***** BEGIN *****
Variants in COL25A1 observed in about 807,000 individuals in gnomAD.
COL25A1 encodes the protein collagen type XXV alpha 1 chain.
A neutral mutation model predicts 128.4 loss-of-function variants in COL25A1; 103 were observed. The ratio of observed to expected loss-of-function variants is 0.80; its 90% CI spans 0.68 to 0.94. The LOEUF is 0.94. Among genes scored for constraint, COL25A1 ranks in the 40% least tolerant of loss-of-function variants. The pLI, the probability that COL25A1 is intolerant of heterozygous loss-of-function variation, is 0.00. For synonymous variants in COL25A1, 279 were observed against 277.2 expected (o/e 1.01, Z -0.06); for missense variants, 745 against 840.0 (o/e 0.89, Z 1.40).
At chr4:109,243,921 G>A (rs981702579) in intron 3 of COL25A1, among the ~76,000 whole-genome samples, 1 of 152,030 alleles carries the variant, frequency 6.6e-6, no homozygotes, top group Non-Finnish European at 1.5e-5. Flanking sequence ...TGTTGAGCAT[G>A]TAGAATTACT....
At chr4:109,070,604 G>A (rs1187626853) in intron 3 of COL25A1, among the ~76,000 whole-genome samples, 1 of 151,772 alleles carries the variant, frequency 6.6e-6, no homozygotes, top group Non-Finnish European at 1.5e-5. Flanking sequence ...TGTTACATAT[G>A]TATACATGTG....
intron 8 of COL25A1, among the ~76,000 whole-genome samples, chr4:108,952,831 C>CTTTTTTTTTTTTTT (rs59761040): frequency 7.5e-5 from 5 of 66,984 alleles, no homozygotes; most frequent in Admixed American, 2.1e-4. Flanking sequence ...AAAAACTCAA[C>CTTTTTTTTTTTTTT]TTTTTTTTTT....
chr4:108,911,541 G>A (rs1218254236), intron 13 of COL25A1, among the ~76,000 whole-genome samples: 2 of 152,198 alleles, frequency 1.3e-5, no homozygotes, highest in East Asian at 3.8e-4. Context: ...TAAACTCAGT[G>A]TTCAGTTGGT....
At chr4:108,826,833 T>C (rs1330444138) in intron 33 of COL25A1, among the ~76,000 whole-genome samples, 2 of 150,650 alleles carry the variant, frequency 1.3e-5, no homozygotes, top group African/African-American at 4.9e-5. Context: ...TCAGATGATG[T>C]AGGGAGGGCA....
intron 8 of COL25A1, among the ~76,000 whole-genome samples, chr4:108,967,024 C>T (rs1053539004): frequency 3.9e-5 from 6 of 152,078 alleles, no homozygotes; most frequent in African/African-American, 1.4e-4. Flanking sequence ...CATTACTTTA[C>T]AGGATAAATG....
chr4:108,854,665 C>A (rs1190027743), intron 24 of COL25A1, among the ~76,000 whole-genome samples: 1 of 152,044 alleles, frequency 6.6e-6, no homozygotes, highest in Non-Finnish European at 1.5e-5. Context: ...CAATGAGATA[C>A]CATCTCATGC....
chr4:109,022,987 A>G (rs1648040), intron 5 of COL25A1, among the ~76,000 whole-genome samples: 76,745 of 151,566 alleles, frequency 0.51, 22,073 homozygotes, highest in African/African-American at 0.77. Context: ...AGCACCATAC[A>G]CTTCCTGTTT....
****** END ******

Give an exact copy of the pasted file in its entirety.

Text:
Variants in COL25A1 observed in about 807,000 individuals in gnomAD.
COL25A1 encodes the protein collagen type XXV alpha 1 chain.
A neutral mutation model predicts 128.4 loss-of-function variants in COL25A1; 103 were observed. The ratio of observed to expected loss-of-function variants is 0.80; its 90% CI spans 0.68 to 0.94. The LOEUF is 0.94. Among genes scored for constraint, COL25A1 ranks in the 40% least tolerant of loss-of-function variants. The pLI, the probability that COL25A1 is intolerant of heterozygous loss-of-function variation, is 0.00. For synonymous variants in COL25A1, 279 were observed against 277.2 expected (o/e 1.01, Z -0.06); for missense variants, 745 against 840.0 (o/e 0.89, Z 1.40).
At chr4:109,243,921 G>A (rs981702579) in intron 3 of COL25A1, among the ~76,000 whole-genome samples, 1 of 152,030 alleles carries the variant, frequency 6.6e-6, no homozygotes, top group Non-Finnish European at 1.5e-5. Flanking sequence ...TGTTGAGCAT[G>A]TAGAATTACT....
At chr4:109,070,604 G>A (rs1187626853) in intron 3 of COL25A1, among the ~76,000 whole-genome samples, 1 of 151,772 alleles carries the variant, frequency 6.6e-6, no homozygotes, top group Non-Finnish European at 1.5e-5. Flanking sequence ...TGTTACATAT[G>A]TATACATGTG....
intron 8 of COL25A1, among the ~76,000 whole-genome samples, chr4:108,952,831 C>CTTTTTTTTTTTTTT (rs59761040): frequency 7.5e-5 from 5 of 66,984 alleles, no homozygotes; most frequent in Admixed American, 2.1e-4. Flanking sequence ...AAAAACTCAA[C>CTTTTTTTTTTTTTT]TTTTTTTTTT....
chr4:108,911,541 G>A (rs1218254236), intron 13 of COL25A1, among the ~76,000 whole-genome samples: 2 of 152,198 alleles, frequency 1.3e-5, no homozygotes, highest in East Asian at 3.8e-4. Context: ...TAAACTCAGT[G>A]TTCAGTTGGT....
At chr4:108,826,833 T>C (rs1330444138) in intron 33 of COL25A1, among the ~76,000 whole-genome samples, 2 of 150,650 alleles carry the variant, frequency 1.3e-5, no homozygotes, top group African/African-American at 4.9e-5. Context: ...TCAGATGATG[T>C]AGGGAGGGCA....
intron 8 of COL25A1, among the ~76,000 whole-genome samples, chr4:108,967,024 C>T (rs1053539004): frequency 3.9e-5 from 6 of 152,078 alleles, no homozygotes; most frequent in African/African-American, 1.4e-4. Flanking sequence ...CATTACTTTA[C>T]AGGATAAATG....
chr4:108,854,665 C>A (rs1190027743), intron 24 of COL25A1, among the ~76,000 whole-genome samples: 1 of 152,044 alleles, frequency 6.6e-6, no homozygotes, highest in Non-Finnish European at 1.5e-5. Context: ...CAATGAGATA[C>A]CATCTCATGC....
chr4:109,022,987 A>G (rs1648040), intron 5 of COL25A1, among the ~76,000 whole-genome samples: 76,745 of 151,566 alleles, frequency 0.51, 22,073 homozygotes, highest in African/African-American at 0.77. Context: ...AGCACCATAC[A>G]CTTCCTGTTT....